William N. West Associate Professor in English and Comparative Literary Studies; Chair of the Department of Classics
Will West (Ph.D., University of Michigan) studies, teaches, and thinks about early modern drama, poetry, and prose. He has taught undergraduate courses on Shakespeare's theater of the senses; the book of love; poetics and aesthetics from Aristotle to Kant; the story collection from ancient India to modern England, and many other topics.
West is the author of Theatres and Encyclopedias in Early Modern Europe (Cambridge UP, 2002; pbk. 2006) and, more recently, articles or chapters on intertheatricality, that is, how performance reflects on its own histories (Oxford Twenty-First Century Approaches to Early Modern Theatricality, 2013; Theatre Journal, 2013); irony and encyclopedic writing before and after the Enlightenment; and humanism and the resistance to theology (in The Return of Theory in Early Modern Studies, 2011). He contributed a short history of encyclopedias before the Enlightenment to the 2013 Venice Biennale catalog and a set of glosses to the Folger Luminary Shakespeare iPad application on A Midsummer Night's Dream. In addition he has co-edited (with Helen Higbee) Robert Weimann's book Author's Pen and Actor's Voice: Writing and Playing in Shakespeare's Theatre (Cambridge UP, 2000) and (with Bryan Reynolds) a collection of essays honoring Weimann, Rematerializing Shakespeare: Authority and Representation on the Early Modern Stage (Palgrave, 2005).
In 2007 West was awarded a place on the ASG Faculty Honor Roll. In 2012-13 he was an NEH Fellow at the Huntington Library, and in 2015 he was an Invited Professor at the École Normale Superieure-Lyon. He is currently a Trustee of the Shakespeare Association of America and chair of the Department of Classics at Northwestern.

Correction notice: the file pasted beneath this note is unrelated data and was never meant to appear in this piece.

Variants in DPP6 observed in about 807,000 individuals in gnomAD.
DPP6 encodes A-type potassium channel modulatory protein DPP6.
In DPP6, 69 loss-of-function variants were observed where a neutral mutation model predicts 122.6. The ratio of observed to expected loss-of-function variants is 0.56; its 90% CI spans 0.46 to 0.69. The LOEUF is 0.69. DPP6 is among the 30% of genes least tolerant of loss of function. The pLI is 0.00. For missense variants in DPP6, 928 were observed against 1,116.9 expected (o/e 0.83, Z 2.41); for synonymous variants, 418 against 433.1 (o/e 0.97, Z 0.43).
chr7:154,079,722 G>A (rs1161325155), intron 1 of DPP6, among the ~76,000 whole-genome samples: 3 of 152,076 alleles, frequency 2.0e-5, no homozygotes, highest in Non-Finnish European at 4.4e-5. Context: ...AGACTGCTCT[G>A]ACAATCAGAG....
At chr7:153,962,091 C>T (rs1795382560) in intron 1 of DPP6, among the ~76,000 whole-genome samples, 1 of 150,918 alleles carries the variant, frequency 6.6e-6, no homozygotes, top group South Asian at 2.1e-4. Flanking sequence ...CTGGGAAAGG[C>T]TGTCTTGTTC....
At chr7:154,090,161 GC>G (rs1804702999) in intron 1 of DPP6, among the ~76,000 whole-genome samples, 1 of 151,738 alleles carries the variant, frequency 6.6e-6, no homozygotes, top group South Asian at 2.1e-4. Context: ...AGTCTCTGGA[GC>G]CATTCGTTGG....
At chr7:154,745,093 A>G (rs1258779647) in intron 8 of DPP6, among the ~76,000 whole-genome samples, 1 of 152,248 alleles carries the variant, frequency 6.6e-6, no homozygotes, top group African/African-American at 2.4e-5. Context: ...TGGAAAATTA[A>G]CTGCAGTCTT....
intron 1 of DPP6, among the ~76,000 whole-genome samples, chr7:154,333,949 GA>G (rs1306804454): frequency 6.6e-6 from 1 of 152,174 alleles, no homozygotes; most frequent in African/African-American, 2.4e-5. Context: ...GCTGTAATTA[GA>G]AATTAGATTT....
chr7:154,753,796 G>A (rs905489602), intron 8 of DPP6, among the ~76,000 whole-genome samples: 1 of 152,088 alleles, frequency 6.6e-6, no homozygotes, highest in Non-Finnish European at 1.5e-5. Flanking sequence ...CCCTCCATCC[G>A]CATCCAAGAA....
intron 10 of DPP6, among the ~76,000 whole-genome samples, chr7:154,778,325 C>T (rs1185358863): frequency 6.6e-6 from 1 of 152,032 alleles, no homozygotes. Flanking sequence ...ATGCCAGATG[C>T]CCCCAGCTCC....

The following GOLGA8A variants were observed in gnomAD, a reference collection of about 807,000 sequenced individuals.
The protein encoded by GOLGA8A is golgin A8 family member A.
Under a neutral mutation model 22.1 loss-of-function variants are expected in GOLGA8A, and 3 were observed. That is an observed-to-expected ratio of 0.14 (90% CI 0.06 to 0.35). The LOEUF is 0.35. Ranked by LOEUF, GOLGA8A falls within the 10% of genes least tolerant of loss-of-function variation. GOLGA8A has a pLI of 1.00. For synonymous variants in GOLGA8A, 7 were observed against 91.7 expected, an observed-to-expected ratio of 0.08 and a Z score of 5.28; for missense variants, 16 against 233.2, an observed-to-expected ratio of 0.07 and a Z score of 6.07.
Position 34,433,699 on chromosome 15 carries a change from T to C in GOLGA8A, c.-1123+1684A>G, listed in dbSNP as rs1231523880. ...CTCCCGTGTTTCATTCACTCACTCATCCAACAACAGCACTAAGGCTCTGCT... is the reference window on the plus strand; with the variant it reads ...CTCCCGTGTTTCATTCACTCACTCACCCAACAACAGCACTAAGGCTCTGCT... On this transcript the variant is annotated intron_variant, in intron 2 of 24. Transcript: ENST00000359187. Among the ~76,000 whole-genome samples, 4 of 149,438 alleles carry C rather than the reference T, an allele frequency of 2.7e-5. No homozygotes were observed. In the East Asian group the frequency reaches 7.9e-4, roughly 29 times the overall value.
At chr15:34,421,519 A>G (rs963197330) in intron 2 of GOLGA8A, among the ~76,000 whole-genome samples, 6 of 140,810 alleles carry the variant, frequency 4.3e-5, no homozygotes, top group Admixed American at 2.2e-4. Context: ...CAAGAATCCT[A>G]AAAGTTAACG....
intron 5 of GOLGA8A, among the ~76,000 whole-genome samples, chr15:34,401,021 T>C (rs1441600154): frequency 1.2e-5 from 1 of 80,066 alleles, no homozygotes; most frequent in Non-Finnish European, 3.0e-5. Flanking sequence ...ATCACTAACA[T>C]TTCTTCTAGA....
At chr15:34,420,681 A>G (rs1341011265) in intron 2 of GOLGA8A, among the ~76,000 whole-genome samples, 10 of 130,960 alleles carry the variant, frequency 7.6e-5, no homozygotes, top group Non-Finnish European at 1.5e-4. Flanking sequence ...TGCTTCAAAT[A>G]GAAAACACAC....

With Jeffrey Masten, West is the co-editor of the journal Renaissance Drama (University of Chicago Press). He is currently at work on a book called Understanding and Confusion in the Elizabethan Theaters and on a project reconsidering the Renaissance philology of Angelo Poliziano.
- “Playing in Context, Playing out Context.” Shakespeare In Our Time: A Shakespeare Association of America Collection. Eds. Dympna Callaghan and Suzanne Gossett. London: Bloomsbury Arden (2016): 206-10.
- “Romeo and Juliet’s Understudies.” Romeo and Juliet: A Critical Reader. Ed. Julia Reinhard Lupton. London: Bloomsbury Arden (2016): 133-51.
- “Entertainments: Baiting, Dances, Contests.” In The Cambridge Guide to the Worlds of Shakespeare. Vol. 1. Shakespeare’s World, 1500-1660. General ed. Bruce R. Smith. Cambridge: Cambridge University Press (2016): 148-155.
- “Encircling Knowledge.” Renaissance Quarterly 68 (2015): 1327-40.
- “Dreams, Woods, Playhouses, and Other Worlds.” Folger Luminary Shakespeare: A Midsummer Night’s Dream. Ed. Ellen Mackay. Notre Dame, IN: Luminary Digital Media, 2013. iPad Application.
- “Encyclopedias before L’Encyclopédie/ Le enciclopedie prima dell’Encyclopédie.” The Encyclopedic Palace/ Il Palazzo Enciclopedico. Catalogue of the 55th International Art Exhibition: La Biennale di Venezia. Ed. Massimiliano Gioni. Venice: Marsilio Editore (2013): 43-44.
- “Intertheatricality.” Early Modern Theatricality (Oxford Twenty-first Century Approaches to Literature). Ed. Henry S. Turner. Oxford: Oxford University Press (2013): 151-172.
- “Irony and Encyclopedic Writing Before (and After) the Enlightenment.” In Encyclopaedism from Antiquity to the Renaissance. Eds. Jason König and Greg Woolf. Cambridge: Cambridge University Press (2013): 482-502.
- With Gina Bloom and Anston Bosman. “Ophelia’s Intertheatricality, or, How Performance is History.” Theatre Journal 65 (2013): 165-82.
- “Humanism and the Resistance to Theology.” The Return of Theory in Early Modern Studies. Eds. Paul Cefalu and Bryan Reynolds. New York: Palgrave Macmillan (2011): 167-91.
- “Author’s Voice? Acting with Authority in Early References to Shakespeare.” The Shakespearean International Yearbook 10 (2010): 93-118.
- “Replaying Early Modern Drama.” In New Directions in Renaissance Drama and Performance Studies. Ed. Sarah Werner. New York: Palgrave Macmillan (2010): 30-50.